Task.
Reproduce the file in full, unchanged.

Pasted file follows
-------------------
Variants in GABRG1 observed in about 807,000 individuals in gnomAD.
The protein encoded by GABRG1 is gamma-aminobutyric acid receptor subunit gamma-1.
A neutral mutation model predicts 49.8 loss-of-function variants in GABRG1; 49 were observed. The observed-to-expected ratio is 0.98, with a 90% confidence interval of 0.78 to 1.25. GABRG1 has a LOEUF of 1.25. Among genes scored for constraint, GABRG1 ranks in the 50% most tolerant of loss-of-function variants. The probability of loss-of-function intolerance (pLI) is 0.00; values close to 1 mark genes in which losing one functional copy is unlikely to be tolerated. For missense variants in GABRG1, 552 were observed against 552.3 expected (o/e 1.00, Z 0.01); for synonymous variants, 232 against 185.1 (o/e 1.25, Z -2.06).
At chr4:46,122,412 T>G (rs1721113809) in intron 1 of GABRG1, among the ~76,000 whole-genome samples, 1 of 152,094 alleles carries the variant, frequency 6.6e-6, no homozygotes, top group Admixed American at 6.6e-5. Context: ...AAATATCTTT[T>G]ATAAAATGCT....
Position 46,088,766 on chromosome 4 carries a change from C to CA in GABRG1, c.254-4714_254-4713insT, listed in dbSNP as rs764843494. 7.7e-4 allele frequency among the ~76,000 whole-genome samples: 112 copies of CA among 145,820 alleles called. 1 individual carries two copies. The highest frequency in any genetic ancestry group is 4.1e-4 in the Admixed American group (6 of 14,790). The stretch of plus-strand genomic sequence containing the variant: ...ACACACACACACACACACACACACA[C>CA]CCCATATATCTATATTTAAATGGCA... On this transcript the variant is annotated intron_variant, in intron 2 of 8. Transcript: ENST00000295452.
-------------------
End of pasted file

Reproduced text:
Variants in GABRG1 observed in about 807,000 individuals in gnomAD.
The protein encoded by GABRG1 is gamma-aminobutyric acid receptor subunit gamma-1.
A neutral mutation model predicts 49.8 loss-of-function variants in GABRG1; 49 were observed. The observed-to-expected ratio is 0.98, with a 90% confidence interval of 0.78 to 1.25. GABRG1 has a LOEUF of 1.25. Among genes scored for constraint, GABRG1 ranks in the 50% most tolerant of loss-of-function variants. The probability of loss-of-function intolerance (pLI) is 0.00; values close to 1 mark genes in which losing one functional copy is unlikely to be tolerated. For missense variants in GABRG1, 552 were observed against 552.3 expected (o/e 1.00, Z 0.01); for synonymous variants, 232 against 185.1 (o/e 1.25, Z -2.06).
At chr4:46,122,412 T>G (rs1721113809) in intron 1 of GABRG1, among the ~76,000 whole-genome samples, 1 of 152,094 alleles carries the variant, frequency 6.6e-6, no homozygotes, top group Admixed American at 6.6e-5. Context: ...AAATATCTTT[T>G]ATAAAATGCT....
Position 46,088,766 on chromosome 4 carries a change from C to CA in GABRG1, c.254-4714_254-4713insT, listed in dbSNP as rs764843494. 7.7e-4 allele frequency among the ~76,000 whole-genome samples: 112 copies of CA among 145,820 alleles called. 1 individual carries two copies. The highest frequency in any genetic ancestry group is 4.1e-4 in the Admixed American group (6 of 14,790). The stretch of plus-strand genomic sequence containing the variant: ...ACACACACACACACACACACACACA[C>CA]CCCATATATCTATATTTAAATGGCA... On this transcript the variant is annotated intron_variant, in intron 2 of 8. Transcript: ENST00000295452.